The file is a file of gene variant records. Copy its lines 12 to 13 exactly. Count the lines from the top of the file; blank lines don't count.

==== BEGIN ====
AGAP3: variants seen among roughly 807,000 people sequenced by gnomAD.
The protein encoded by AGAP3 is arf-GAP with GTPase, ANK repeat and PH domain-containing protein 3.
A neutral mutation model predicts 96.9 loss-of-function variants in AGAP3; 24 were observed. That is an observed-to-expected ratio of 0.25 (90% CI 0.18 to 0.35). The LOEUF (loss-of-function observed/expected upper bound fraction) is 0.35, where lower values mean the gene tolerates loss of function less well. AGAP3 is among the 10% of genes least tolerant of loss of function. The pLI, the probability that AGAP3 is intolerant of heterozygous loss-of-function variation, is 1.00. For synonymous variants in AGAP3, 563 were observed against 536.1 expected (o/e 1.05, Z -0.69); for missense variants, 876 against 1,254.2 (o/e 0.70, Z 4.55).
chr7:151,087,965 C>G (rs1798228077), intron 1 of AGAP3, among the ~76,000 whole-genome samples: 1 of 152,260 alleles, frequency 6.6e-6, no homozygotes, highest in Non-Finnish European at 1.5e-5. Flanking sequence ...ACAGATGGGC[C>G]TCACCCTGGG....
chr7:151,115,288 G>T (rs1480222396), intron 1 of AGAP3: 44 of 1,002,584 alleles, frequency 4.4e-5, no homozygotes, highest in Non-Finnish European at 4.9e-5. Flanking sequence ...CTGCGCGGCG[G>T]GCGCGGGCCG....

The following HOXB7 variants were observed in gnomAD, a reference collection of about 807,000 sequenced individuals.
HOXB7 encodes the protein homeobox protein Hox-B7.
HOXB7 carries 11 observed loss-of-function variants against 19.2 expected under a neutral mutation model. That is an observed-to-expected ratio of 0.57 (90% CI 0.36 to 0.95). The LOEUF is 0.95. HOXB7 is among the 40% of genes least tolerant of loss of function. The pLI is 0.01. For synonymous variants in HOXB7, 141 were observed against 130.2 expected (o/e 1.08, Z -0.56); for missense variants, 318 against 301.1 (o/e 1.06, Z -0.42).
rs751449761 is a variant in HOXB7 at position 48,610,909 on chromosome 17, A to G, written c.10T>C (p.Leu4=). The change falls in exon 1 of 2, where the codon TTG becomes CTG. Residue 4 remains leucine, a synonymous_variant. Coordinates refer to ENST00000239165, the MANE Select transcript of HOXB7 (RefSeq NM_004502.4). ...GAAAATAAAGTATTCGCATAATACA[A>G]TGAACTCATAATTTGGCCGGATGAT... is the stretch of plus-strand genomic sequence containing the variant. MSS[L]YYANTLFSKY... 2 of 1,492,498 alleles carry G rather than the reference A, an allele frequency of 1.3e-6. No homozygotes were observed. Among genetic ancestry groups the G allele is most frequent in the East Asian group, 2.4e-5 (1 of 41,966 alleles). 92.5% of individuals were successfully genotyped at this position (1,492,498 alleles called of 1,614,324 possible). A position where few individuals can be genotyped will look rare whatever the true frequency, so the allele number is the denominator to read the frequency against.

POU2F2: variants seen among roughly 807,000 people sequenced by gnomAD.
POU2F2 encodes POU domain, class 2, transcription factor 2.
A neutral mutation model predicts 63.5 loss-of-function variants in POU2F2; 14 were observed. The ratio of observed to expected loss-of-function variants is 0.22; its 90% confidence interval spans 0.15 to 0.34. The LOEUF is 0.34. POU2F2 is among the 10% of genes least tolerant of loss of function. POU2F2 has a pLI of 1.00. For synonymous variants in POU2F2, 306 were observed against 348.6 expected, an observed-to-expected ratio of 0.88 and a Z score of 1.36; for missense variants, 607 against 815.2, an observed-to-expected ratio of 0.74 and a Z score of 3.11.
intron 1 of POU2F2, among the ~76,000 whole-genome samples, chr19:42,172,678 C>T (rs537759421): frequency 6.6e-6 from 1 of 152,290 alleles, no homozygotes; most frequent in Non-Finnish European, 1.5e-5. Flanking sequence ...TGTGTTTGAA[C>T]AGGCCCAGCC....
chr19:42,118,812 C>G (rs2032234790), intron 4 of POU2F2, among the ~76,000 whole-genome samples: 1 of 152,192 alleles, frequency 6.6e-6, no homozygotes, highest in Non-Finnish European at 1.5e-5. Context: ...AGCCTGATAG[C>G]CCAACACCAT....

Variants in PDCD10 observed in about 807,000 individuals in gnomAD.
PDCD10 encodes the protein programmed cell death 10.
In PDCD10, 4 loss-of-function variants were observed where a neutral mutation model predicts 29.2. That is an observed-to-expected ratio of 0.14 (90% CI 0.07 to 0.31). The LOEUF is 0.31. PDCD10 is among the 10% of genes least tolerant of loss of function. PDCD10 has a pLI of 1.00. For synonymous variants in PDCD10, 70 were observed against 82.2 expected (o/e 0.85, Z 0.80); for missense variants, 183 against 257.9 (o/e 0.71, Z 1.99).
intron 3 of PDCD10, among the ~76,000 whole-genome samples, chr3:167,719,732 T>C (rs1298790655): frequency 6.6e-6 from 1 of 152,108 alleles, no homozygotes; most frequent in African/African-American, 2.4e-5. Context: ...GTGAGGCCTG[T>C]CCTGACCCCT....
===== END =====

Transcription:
A neutral mutation model predicts 63.5 loss-of-function variants in POU2F2; 14 were observed. The ratio of observed to expected loss-of-function variants is 0.22; its 90% confidence interval spans 0.15 to 0.34. The LOEUF is 0.34. POU2F2 is among the 10% of genes least tolerant of loss of function. POU2F2 has a pLI of 1.00. For synonymous variants in POU2F2, 306 were observed against 348.6 expected, an observed-to-expected ratio of 0.88 and a Z score of 1.36; for missense variants, 607 against 815.2, an observed-to-expected ratio of 0.74 and a Z score of 3.11.
intron 1 of POU2F2, among the ~76,000 whole-genome samples, chr19:42,172,678 C>T (rs537759421): frequency 6.6e-6 from 1 of 152,290 alleles, no homozygotes; most frequent in Non-Finnish European, 1.5e-5. Flanking sequence ...TGTGTTTGAA[C>T]AGGCCCAGCC....